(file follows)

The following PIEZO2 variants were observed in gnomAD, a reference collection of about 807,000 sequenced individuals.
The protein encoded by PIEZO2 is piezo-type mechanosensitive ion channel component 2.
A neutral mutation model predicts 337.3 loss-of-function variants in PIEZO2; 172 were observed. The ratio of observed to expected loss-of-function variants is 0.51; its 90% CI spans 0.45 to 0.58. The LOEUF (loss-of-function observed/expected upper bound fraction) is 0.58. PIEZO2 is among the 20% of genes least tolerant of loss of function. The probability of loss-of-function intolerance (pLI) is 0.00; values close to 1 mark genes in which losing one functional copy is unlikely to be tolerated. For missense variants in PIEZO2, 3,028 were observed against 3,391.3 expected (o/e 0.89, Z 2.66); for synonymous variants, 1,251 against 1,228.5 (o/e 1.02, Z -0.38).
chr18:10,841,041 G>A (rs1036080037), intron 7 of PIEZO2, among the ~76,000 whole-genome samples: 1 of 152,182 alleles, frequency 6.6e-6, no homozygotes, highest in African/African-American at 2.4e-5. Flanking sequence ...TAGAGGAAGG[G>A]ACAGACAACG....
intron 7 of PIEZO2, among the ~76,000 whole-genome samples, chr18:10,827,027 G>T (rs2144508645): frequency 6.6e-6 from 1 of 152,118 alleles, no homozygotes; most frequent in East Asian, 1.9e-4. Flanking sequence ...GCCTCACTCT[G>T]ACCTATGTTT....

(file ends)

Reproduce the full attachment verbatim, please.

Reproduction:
The following PIEZO2 variants were observed in gnomAD, a reference collection of about 807,000 sequenced individuals.
The protein encoded by PIEZO2 is piezo-type mechanosensitive ion channel component 2.
A neutral mutation model predicts 337.3 loss-of-function variants in PIEZO2; 172 were observed. The ratio of observed to expected loss-of-function variants is 0.51; its 90% CI spans 0.45 to 0.58. The LOEUF (loss-of-function observed/expected upper bound fraction) is 0.58. PIEZO2 is among the 20% of genes least tolerant of loss of function. The probability of loss-of-function intolerance (pLI) is 0.00; values close to 1 mark genes in which losing one functional copy is unlikely to be tolerated. For missense variants in PIEZO2, 3,028 were observed against 3,391.3 expected (o/e 0.89, Z 2.66); for synonymous variants, 1,251 against 1,228.5 (o/e 1.02, Z -0.38).
chr18:10,841,041 G>A (rs1036080037), intron 7 of PIEZO2, among the ~76,000 whole-genome samples: 1 of 152,182 alleles, frequency 6.6e-6, no homozygotes, highest in African/African-American at 2.4e-5. Flanking sequence ...TAGAGGAAGG[G>A]ACAGACAACG....
intron 7 of PIEZO2, among the ~76,000 whole-genome samples, chr18:10,827,027 G>T (rs2144508645): frequency 6.6e-6 from 1 of 152,118 alleles, no homozygotes; most frequent in East Asian, 1.9e-4. Flanking sequence ...GCCTCACTCT[G>T]ACCTATGTTT....